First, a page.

Reply
    1. Plenue

      “adult Foreign Language Classes”

      I once heard a techtopian type say that we don’t need to learn other languages, because everyone can just use programs like Google Translate.

      Obviously there’s a lot stupid about that idea, but talking purely practically, Google Translate is effing awful.

      Reply
      1. smoker

        Oh my yes, a ton of stupid to say the least. And so very, very much lost without a good instructor (particularly one whose native language it is) and fellow students in that physical room to socialize in the language – including body language and eye contact – with.

        A very antisocial and selfish world has been created by STEM™, just within the span of two decades.

        Reply
    2. neo-realist

      Thanks to crowded buses and subways, the weary and broken, in the cities at least, are used to a lack of seating.

      Reply
  25. Oregoncharles

    “Falling: Love and Marriage in a Conservative Indian Family”
    I haven’t finished the piece – it is indeed long – but the gist so far is that arranged marriage seems to work quite well for a lot of Indians, something that, e.g., their American daughter finds hard to understand. As most of us would.

    It raises a problem that haunts me: our mating system, aka dating, isn’t serving us well. It makes a lot of people miserable and a few dangerous; worse, at a 50% divorce rate it fails in its task of creating stable families to nurture children – and adults, for that matter.

    If we step back and look at it, that is not surprising: we expect young people in the full throes of hormone poisoning to make wise choices of someone to spend the rest of their life with. Not surprisingly, 2nd marriages have a better success rate. There’s something to be said for parents making that decision – but I don’t think that’s coming back any time soon. It had its own pitfalls – this author’s parents may well be an exception.

    Personally, I see this as major unfinished business from Women’s Liberation/Second Wave Feminism. We knew at the time that big changes were needed in marriage, courtship, and sexual behavior, but only some of them happened, and a lot of the initial insights got lost.

    A big part of the problem for us is that the pair bond isn’t meant to stand alone. In most societies, it’s supported by an extended family and community that most of us simply don’t have. Of course, it can be oppressive as well as supportive. But abandoning it is a trap we’ve fallen into, without obvious ways out.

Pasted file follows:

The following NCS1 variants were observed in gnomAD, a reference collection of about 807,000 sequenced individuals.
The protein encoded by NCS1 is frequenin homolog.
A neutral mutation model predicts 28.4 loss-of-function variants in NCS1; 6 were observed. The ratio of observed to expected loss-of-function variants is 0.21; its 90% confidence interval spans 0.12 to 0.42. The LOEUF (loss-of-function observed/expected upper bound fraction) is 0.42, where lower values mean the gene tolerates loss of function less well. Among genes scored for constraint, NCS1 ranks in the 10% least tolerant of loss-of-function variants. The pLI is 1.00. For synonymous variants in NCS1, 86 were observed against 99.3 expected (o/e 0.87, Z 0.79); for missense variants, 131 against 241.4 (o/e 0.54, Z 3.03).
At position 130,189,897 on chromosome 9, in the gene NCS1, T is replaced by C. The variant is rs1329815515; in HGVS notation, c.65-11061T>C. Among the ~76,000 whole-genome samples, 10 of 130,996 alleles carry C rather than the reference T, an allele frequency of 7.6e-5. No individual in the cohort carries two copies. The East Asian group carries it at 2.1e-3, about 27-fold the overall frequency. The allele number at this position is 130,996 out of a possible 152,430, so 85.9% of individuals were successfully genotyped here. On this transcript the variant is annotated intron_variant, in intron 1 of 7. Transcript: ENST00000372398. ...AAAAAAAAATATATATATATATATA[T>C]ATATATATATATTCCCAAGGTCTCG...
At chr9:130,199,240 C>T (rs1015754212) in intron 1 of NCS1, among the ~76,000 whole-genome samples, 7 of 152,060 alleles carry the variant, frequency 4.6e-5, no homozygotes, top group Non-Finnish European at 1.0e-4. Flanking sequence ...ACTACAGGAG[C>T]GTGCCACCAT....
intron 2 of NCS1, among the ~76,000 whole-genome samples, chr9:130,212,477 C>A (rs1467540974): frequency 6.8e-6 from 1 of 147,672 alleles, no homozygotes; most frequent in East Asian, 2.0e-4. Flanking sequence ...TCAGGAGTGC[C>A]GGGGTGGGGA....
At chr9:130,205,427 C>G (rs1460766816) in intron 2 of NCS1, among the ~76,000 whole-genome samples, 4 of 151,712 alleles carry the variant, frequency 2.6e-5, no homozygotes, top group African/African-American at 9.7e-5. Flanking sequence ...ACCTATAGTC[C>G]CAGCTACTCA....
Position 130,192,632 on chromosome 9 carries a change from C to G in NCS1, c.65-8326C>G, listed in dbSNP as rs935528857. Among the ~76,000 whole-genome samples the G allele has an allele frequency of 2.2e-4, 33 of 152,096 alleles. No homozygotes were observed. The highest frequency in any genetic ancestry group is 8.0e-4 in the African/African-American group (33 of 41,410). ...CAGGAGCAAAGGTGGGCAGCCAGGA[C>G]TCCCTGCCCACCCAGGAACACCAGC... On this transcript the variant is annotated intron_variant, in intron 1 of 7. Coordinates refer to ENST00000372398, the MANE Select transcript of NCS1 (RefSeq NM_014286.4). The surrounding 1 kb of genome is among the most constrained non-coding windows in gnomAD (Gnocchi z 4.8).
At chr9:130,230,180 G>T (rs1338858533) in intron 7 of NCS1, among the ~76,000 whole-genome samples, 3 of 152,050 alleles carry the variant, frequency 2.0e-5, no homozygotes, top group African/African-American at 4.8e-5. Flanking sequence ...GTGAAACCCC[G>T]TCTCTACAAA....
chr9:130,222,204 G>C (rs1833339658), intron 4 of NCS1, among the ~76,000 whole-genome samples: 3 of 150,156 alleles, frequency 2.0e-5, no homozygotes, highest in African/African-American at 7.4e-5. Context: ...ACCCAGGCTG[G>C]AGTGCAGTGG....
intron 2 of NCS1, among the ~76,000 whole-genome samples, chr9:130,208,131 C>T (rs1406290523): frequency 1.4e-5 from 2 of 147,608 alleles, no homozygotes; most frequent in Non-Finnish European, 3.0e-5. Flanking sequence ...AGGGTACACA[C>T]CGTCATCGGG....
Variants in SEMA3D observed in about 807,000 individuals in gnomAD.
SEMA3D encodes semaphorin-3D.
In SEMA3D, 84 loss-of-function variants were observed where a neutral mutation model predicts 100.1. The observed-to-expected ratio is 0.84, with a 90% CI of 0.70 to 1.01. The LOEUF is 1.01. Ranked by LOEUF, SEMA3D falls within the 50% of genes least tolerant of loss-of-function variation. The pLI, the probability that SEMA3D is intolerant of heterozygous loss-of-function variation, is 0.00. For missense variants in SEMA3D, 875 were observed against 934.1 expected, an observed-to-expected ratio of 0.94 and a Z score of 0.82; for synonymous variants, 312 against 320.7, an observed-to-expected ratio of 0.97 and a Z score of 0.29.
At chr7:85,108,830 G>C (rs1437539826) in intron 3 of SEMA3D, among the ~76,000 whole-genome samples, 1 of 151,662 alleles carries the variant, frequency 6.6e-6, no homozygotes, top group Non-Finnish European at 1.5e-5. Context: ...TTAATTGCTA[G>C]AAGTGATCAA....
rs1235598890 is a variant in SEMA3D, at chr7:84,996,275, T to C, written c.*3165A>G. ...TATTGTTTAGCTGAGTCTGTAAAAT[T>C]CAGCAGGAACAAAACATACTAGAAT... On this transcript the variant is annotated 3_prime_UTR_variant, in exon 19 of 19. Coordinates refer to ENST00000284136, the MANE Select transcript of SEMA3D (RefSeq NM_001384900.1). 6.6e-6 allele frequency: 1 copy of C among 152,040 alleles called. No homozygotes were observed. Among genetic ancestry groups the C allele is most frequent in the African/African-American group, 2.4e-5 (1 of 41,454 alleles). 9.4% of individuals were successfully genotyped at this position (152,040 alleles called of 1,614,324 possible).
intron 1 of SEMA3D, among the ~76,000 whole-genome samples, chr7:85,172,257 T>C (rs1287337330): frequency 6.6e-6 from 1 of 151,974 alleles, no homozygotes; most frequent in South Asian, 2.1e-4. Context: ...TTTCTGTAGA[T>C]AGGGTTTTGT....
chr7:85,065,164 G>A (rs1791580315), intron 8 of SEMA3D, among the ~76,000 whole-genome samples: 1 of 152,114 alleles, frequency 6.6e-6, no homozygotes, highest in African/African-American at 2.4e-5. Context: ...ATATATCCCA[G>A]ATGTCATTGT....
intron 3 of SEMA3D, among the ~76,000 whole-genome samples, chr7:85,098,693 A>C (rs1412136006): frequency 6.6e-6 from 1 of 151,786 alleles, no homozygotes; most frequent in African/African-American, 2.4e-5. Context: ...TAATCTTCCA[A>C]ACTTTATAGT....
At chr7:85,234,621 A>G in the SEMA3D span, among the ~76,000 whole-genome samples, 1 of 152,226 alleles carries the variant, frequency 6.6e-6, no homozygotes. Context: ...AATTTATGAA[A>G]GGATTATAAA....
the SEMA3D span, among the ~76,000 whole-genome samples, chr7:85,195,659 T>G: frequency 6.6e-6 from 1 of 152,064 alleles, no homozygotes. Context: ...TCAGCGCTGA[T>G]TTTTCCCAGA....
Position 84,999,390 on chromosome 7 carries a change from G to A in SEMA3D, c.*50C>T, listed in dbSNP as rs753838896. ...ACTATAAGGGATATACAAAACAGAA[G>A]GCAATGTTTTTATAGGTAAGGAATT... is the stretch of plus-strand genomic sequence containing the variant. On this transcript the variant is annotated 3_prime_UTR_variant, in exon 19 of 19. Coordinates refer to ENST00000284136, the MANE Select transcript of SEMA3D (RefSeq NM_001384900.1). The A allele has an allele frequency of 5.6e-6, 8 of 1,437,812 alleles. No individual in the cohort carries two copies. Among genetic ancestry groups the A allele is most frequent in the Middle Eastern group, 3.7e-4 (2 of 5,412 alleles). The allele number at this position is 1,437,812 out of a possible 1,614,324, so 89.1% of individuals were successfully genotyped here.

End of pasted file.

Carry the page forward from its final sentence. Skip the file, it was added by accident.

Reply
    1. Ook

      The father in that article struck me as being quite wise in his pronouncements.
      Hormonal lust fades after several years: fundamental compatibility doesn’t.
      Faithfulness over the course of a life-time defines what it means to “love” someone. It’s ridiculous to ask a couple of horny 25-year-olds if they “love” each other and base a life on that.

      Reply
      1. Oregoncharles

        Supposedly infatuation – that initial lust – fades after about 7 years. There is some evidence (I don’t have links to hand) that it fades MORE for women; which would explain who the unfaithful guys are being unfaithful with.

        Let’s remember that recent surveys show people just plain having less sex, married or not. Some of that is the economy. But it means that people are lonelier and more alienated.

        Reply
  26. Dan

    New Orleans Hotel Collapse.
    Damn! And they thought they could rush it to completion in time for Mardi Gras.

    Compare the New Orleans just in time, minimal material construction techniques rushed ahead to the massively built Empire State and Chrysler Buildings that withstood bombers hitting them, or the enormously strong World Trade Center buildings, with a massive 6″ thick steel box core that the Patriot Act popped out of.

    Drone videos online show the red rooftop A-leg steel Truss balanced on the crane cable far away from its center of gravity, either poorly placed or the choker slipped along the I-beam. I surmise the outer legs of that crashed down onto the lip of the freshly poured concrete balcony and that precipitated the cascade.
    Those little holes along the skinny concrete deck are where post-tensioning cables in greased plastic jackets are tightened like guitar strings to add strength to the deck and minimize thickness, adding more headroom and maybe an extra floor.

    If those weren’t tightened yet b/c concrete hadn’t cured, the deck was as strong as wet cardboard.

    Reply
    1. ambrit

      I hadn’t thought about the tension cables. They are indeed tightened after the concrete is cured to a sufficient strength. (Concrete never really stops curing.) That tightening process is a truly hair raising experience. You are always waiting for the cable to snap and whip on out of the deck, destroying everything in it’s path.
      The [family blog]ers running these construction companies today have developed a variety of ‘Magical Thinking’ where the laws of physics are subordinate to the company’s schedule.
      Hilarity ensues. Your Mortality Might Vary.

      Reply
  27. Summer

    Just doing some random reading about the pre-WWI global economy and came across this bit.
    It made me think of the Marketwatch articles on personal finances and budgeting of the upper-middle class and wealthy that get skewered at least once a month.

    http://www.j-bradford-delong.net/TCEH/2000/eight/html/Slouching2_8preWWI.html

    “Many of the processes that have blossomed since to make our industrial–post-industrial–economy were clearly underway by the start of the twentieth century. But they were for the most part only seedlings. In what matters most, in the warp and woof of everyday life, our counterparts in the industrial core of the world economy around 1900 still had more in common in their styles of life with their predecessors of 1600 or 1700 than with us today.